Searching over 5,500,000 cases.

Buy This Entire Record For $7.95

Official citation and/or docket number and footnotes (if any) for this case available with purchase.

Learn more about what you receive with purchase of this case.

Estate of Hull v. Estate of Culver

Court of Appeals of Tennessee, Knoxville

February 19, 2015


January 14, 2015 Session

Appeal from the Chancery Court for Monroe County No. 17764 Hon. Jerri Bryant, Chancellor

Clifford E. Wilson, Madisonville, Tennessee, for the appellant, Beverly Hull, personal representative for the Estate of Marcia Hull.

J. Lewis Kinnard, Madisonville, Tennessee, for the appellee, Thomas Keith Phillips, personal representative for the Estate of George Culver.

Doris M. Matthews, Madisonville, Tennessee, for the appellee, People's Bank of East Tennessee.

John W. McClarty, J., delivered the opinion of the Court, in which Charles D. Susano, Jr., C.J., and D. Michael Swiney, J., joined.




On September 21, 2011, George Culver ("Husband") and Marcia Hull ("Wife") were gravely injured in a fire at their residence. The couple had no children. Wife's extended family ceased lifesaving efforts on September 25, 2011. At that time, Husband showed some signs of recovery; however, Husband's extended family eventually terminated life support on September 27, 2011.

At the time of her death, Wife possessed two payable-on-death bank accounts, totaling $70, 788.78, with People's Bank of East Tennessee ("People's Bank"). Pursuant to Wife's contracts with People's Bank, the accounts passed to Husband upon her death. The couple owned two pieces of real property that also automatically passed to Husband upon Wife's death. Likewise, the fire insurance proceeds for the property in the amount of $59, 452.39 automatically passed to Husband upon Wife's death.

Citing Tennessee Code Annotated section 31-3-120(a), Beverly Hull ("Plaintiff"), as personal representative for Wife's estate, filed suit against the Culver Estate and People's Bank. Section 31-3-120(a) provides as follows:

An individual who fails to survive the decedent by one hundred twenty (120) hours is deemed to have predeceased the decedent for purposes of the homestead allowance, year's support allowance, exempt property, elective share and intestate succession, and the decedent's heirs are determined accordingly.

Plaintiff sought a declaratory judgment providing that the Hull Estate was entitled to Wife's monetary assets and one-half of the jointly-held property and the fire insurance proceeds because Husband had not survived Wife by 120 hours. Plaintiff alleged that the couple died as a result of a common disaster and that Husband's relatives allowed Husband to live longer in order to stake claim to the property at issue.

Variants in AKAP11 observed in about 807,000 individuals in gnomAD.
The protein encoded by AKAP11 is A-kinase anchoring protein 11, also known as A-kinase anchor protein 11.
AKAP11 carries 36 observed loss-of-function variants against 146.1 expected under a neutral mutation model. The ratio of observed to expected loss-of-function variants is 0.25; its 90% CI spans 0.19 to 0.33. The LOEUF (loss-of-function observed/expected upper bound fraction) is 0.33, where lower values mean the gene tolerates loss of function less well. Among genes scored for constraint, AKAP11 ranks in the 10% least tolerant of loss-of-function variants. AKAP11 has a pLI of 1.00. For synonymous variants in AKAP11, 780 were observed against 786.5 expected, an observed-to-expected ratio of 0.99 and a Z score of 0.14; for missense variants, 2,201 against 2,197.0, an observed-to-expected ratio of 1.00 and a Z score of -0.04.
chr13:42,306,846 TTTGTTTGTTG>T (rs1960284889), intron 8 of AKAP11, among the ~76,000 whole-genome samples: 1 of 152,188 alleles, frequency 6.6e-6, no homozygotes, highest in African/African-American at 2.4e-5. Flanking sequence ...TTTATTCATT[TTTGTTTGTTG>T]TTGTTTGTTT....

Thomas Keith Phillips ("Defendant"), as personal representative for the Culver estate, responded by denying wrongdoing and filing a motion for summary judgment, claiming that Tennessee Code Annotated section 31-3-120(a) was inapplicable. Defendant alleged that title to the real estate covered by the insurance policy properly passed to Husband upon Wife's death. Defendant also asserted that People's Bank properly remitted the funds in accordance with Wife's contracts and in compliance with the law. Likewise, People's Bank denied wrongdoing and filed a cross-complaint against Defendant, asserting that Defendant was responsible for refunding any amount deemed appropriate by the trial court.

The trial court granted the motion for summary judgment. The court found that the contracts between Wife and People's Bank controlled the disposition of the monetary assets. The court also found that Tennessee Code Annotated section 31-3-120(a) did not apply to the real property held by the entirety and that the fire insurance proceeds properly passed to Husband pursuant to section 31-3-106. This timely appeal followed.


We consolidate and restate the issue raised on appeal by Plaintiff as follows: Whether the trial court erred in granting the motion for summary judgment.


This action was initiated in September 2012; therefore, the dispositive summary judgment motion is governed by Tennessee Code Annotated section 20-6-101, which provides, In motions for summary judgment in any civil action in Tennessee, the moving party who does not bear the burden of proof at trial shall prevail on its motion for summary judgment if it:

(1) Submits affirmative evidence that negates an essential element of the nonmoving party's claim; or
(2) Demonstrates to the court that the nonmoving party's evidence is insufficient to establish an essential element of the nonmoving party's claim.

Tenn. Code Ann. § 20-16-101.

A trial court's decision to grant a motion for summary judgment presents a question of law, which we review de novo with no presumption of correctness. See City of Tullahoma v. Bedford Cnty., 938 S.W.2d 408, 417 (Tenn. 1997). We must view all of the evidence in the light most favorable to the nonmoving party and resolve all factual inferences in the nonmoving party's favor. Martin v. Norfolk S. Ry. Co., 271 S.W.3d 76, 84 (Tenn. 2008); Luther v. Compton, 5 S.W.3d 635, 639 (Tenn. 1999); Muhlheim v. Knox Cnty. Bd of Educ., 2 S.W.3d 927, 929 (Tenn. 1999). If the undisputed facts support only one conclusion, then the court's summary judgment will be upheld because the moving party was entitled to judgment as a matter of law. See White v. Lawrence, 975 S.W.2d 525, 529 (Tenn. 1998); McCall v. Wilder, 913 S.W.2d 150, 153 (Tenn. 1995).

This action also presents a matter of statutory interpretation, which is reviewable as a matter of law pursuant to the de novo standard without any presumption of correctness. In re Estate of Tanner, 295 S.W.3d 610, 613 (Tenn. 2009) (citing Gleaves v. Checker Cab Transit Corp., 15 S.W.3d 799, 802 (Tenn. 2000); Myint v. Allstate Ins. Co., 970 S.W.2d 920, 924 (Tenn. 1998)). The primary objective of statutory interpretation is to carry out the legislative intent without broadening or restricting a statute beyond its intended scope. Houghton v. Aramark Educ. Res., Inc., 90 S.W.3d 676, 678 (Tenn. 2002). In construing legislative enactments, we presume that every word in a statute has meaning and purpose and should be given full effect if the obvious intention of the General Assembly is not violated by so doing. In Re C.K.G., 173 S.W.3d 714, 722 (Tenn. 2005). When a statute is clear, we apply the plain meaning without complicating the task. Eastman Chem. Co. v. Johnson, 151 S.W.3d 503, 507 (Tenn. 2004). We also presume that the General Assembly was aware of the state of the law when the statutes were enacted and that it did not intend to enact a useless statute. Lee Med., Inc. v. Beecher, 312 S.W.3d 515, 527 (Tenn. 2010).